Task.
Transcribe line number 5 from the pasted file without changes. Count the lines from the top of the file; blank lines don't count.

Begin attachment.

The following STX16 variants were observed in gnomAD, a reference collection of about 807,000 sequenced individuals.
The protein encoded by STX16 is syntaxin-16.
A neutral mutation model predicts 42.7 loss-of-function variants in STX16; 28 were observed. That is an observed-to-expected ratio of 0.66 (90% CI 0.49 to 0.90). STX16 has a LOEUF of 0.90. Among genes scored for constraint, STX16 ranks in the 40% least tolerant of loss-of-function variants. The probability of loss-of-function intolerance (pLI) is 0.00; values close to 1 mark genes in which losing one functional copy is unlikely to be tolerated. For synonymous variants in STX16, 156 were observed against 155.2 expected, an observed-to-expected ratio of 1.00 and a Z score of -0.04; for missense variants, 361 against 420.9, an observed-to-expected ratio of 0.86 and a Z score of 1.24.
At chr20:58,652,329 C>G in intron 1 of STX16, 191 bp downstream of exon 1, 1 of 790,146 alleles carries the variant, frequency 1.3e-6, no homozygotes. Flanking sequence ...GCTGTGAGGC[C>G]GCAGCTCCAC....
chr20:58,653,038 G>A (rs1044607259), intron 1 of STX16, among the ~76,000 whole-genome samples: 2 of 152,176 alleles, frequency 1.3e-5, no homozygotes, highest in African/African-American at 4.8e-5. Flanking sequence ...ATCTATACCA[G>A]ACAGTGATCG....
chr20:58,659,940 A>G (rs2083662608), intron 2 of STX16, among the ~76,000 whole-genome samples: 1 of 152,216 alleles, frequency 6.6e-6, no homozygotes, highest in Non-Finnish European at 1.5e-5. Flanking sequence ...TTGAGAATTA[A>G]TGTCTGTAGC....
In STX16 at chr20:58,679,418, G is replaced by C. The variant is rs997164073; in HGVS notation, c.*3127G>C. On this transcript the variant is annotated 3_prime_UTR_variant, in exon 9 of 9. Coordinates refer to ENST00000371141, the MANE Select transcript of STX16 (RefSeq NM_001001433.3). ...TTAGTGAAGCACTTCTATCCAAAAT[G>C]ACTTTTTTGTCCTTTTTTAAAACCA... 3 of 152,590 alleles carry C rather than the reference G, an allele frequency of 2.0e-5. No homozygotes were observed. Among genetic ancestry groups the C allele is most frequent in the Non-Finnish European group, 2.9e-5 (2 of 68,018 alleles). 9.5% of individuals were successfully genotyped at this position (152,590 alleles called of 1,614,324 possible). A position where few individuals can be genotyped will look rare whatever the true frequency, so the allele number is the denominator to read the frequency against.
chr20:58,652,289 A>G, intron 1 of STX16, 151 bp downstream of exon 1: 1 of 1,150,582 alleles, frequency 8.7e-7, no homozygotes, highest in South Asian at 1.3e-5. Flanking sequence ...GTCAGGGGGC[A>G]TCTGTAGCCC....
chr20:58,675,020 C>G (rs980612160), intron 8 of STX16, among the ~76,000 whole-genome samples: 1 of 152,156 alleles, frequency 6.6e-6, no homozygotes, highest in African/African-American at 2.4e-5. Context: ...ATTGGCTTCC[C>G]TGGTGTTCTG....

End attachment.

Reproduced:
chr20:58,653,038 G>A (rs1044607259), intron 1 of STX16, among the ~76,000 whole-genome samples: 2 of 152,176 alleles, frequency 1.3e-5, no homozygotes, highest in African/African-American at 4.8e-5. Flanking sequence ...ATCTATACCA[G>A]ACAGTGATCG....